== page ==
In her six seasons, Nurse Carol Hathaway lived a complicated life to the fullest. She showed heart, instincts and excellent nursing skills. In 9 episodes of Season Two, future CSI star Jorja Fox (who would play Sara Seidel) appeared as Dr. Maggie Doyle – an intern.

We learn that Doyle is two years younger than Hathaway and that they attended the same high school and community college. In a story line where they are both called upon to treat a patient who turned out to be their high school chemistry teacher, we learn that Hathaway was a student of great potential – in fact, the chem teacher mistook her for being a physician.

Doyle avoided duty with the chem teacher, revealing that she failed his class twice.

Hathaway, who has a hard time finding stability in her personal life, begins to wonder if her talents in medicine are wasted in nursing.

Pelvic 1

Who hasn’t been in the position of assisting someone who has chosen a different career path but likely isn’t as smart as you are? Those experiences can either be a wake up call for reflection or lead to bitterness – glass half empty, glass half full.

Pelvic 2

Fortunately for Hathaway, Doyle was more interested in getting along with everybody. She offered tips about the pre-med program at Malcolm X Community College.

Malcolm X

Over the next several seasons, we’d follow Nurse Hathaway as she decided against becoming a doctor, met and parted with a host of men who didn’t live up to the bar Doug Ross set as her soulmate. The later seasons were different from the first two seasons as Margulies’ character’s emphasis went from work challenges to the more serial soap opera wandering of her personal life.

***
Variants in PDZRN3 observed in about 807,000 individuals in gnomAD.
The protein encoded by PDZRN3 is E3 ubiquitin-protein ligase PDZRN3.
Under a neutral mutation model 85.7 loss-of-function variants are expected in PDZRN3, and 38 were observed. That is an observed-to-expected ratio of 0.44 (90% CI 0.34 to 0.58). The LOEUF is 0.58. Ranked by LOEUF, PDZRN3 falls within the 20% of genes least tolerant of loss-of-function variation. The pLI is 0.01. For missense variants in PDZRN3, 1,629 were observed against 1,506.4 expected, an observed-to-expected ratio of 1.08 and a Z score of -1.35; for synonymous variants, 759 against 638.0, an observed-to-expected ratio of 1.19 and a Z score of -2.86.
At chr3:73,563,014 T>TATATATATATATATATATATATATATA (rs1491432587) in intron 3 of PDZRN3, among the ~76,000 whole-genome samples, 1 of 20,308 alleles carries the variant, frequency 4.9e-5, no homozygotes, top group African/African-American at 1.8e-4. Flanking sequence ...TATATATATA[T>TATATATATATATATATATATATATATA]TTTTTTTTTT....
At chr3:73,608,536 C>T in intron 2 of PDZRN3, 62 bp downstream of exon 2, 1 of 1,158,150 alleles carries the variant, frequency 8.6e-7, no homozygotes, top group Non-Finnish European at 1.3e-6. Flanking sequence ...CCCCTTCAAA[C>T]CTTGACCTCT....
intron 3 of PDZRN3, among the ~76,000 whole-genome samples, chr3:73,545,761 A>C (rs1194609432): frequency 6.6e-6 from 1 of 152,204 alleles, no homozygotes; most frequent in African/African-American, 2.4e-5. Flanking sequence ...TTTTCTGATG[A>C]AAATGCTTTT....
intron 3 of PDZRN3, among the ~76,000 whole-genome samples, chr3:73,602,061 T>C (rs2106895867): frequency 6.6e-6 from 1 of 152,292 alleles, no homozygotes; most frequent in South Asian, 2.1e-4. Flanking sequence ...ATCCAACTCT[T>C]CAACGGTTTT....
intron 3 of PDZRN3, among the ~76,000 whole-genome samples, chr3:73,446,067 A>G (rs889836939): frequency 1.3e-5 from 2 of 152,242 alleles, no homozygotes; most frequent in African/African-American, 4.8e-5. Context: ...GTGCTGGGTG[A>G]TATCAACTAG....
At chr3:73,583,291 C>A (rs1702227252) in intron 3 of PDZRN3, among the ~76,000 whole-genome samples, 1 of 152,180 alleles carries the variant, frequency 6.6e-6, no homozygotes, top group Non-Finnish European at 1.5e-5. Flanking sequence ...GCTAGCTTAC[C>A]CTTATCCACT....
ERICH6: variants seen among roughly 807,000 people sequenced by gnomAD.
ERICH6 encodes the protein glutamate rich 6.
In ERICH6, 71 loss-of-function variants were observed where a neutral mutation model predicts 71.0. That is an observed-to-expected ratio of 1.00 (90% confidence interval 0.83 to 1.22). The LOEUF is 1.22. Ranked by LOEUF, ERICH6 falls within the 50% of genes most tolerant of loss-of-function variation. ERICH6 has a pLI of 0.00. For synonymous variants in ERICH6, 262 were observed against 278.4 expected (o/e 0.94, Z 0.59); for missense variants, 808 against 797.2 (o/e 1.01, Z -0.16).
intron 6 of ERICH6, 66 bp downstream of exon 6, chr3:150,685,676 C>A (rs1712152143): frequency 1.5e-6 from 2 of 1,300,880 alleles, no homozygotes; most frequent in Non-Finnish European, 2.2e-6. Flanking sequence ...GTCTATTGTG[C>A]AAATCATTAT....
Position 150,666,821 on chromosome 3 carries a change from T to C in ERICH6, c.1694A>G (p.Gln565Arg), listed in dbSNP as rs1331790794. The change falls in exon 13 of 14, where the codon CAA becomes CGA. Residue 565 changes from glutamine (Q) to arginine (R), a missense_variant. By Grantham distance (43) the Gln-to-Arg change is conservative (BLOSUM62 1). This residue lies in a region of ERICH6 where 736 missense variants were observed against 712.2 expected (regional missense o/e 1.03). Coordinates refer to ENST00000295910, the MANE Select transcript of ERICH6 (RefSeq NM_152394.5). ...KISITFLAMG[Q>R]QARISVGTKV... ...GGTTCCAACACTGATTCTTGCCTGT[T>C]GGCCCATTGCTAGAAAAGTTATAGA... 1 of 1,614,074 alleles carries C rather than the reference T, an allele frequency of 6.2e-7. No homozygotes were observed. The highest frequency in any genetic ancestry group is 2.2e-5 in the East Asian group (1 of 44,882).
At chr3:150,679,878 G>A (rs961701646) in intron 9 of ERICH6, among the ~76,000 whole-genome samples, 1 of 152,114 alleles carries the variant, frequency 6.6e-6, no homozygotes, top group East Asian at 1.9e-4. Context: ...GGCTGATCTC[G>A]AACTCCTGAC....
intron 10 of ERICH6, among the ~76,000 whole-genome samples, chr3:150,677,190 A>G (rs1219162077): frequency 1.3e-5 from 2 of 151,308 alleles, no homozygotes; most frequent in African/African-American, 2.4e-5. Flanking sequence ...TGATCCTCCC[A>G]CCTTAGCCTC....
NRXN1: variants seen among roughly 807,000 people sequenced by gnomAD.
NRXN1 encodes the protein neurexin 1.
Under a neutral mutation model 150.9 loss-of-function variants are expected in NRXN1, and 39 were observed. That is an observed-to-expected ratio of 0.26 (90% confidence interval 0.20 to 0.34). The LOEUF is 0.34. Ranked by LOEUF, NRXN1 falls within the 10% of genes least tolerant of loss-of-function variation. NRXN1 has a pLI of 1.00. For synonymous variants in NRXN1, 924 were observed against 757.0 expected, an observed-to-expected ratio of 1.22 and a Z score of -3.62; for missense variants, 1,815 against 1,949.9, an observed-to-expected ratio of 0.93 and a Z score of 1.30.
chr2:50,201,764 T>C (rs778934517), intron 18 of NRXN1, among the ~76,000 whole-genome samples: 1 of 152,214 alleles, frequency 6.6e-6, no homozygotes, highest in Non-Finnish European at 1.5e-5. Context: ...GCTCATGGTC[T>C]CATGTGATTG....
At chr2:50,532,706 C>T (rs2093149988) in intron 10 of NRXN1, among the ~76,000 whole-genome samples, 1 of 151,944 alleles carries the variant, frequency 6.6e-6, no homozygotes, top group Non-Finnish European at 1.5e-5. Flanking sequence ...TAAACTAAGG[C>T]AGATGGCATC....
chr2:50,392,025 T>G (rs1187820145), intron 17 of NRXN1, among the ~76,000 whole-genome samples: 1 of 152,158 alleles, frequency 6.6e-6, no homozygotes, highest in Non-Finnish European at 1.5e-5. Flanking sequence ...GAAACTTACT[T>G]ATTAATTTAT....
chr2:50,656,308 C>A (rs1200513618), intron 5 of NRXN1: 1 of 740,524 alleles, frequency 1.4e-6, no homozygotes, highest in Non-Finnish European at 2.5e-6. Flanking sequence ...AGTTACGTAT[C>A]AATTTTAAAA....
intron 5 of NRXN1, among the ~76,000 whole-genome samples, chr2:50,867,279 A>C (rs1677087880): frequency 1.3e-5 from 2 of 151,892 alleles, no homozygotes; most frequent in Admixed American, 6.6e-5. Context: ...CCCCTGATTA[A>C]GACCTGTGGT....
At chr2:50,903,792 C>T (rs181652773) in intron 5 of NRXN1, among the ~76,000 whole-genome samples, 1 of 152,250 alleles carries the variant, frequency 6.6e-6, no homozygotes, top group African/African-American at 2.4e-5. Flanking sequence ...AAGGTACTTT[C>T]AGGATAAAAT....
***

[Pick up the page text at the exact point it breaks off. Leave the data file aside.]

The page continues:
One might say that all the women characters got a shot at depicting the work/life balance in some fashion – the challenge of squeezing into one day caring for all these patients as well as caring for a loved one – or caring for themselves.

In its 15 years, the show bagged 23 Emmys amid 124 nominations. Margulies won a Best Supporting Actress Emmy in 1995 and numerous Screen Actors Guild and Viewers for Quality Television Awards.

331 episodes - the story lines take viewers beyond the walls of the ER and the apartments of the main characters. Advanced TV Herstory will profile characters who appeared in many episodes, like Kerry Weaver, Abby Lockhart, played by Maura Tierney and Alex Kingston’s Elizabeth Corday. We’ll also find the gem moments of long-serving supporting role actresses like Yvette Feldman as nurse Haleh Adams and Laura Cheron as Chuny Marquez. And maybe tip our hat to Frances Sternhagen, who played Dr. Carter’s mother, Angela Bassett who capably gave us Dr. Cate Banfield, Gloria Reuben’s Jeanie Boulet, Sally Field as Dr. Lockhart’s mother and Mariska Hargitay as Cynthia Hooper.

There’s so much more to the incomparable TV series E.R. than heartthrobs George Clooney and Noah Wyle. Just ask Advanced TV Herstory….

Thanks for listening to this installment, which was on the long list of topic ideas but rose to the top as a result of Joy’s suggestion. Clips in this installment are from the E.R. Season 3 episodes 3 and 4 and Season 2 episode 6 “Days Like This.” The clip of the NOW speech that Stringfield gave in 2007 is found on YouTube.

Some of the 331 episodes are found online through paysites and on YouTube. All 15 seasons are available on DVD – a good investment I’d say as I think the show has aged well.

Find this script and past podcast scripts on my website Be like Joy and send your ideas for future segments to Leave comments or rate the podcast at iTunes or our hosting site libsyn. We’re on Twitter – with a handle of at TVHerstory as well as Facebook.

Our community only gets larger so thanks for being a part of it and for all you do when you share Advanced TV Herstory with friends. I’m your host, Cynthia Bemis Abrams.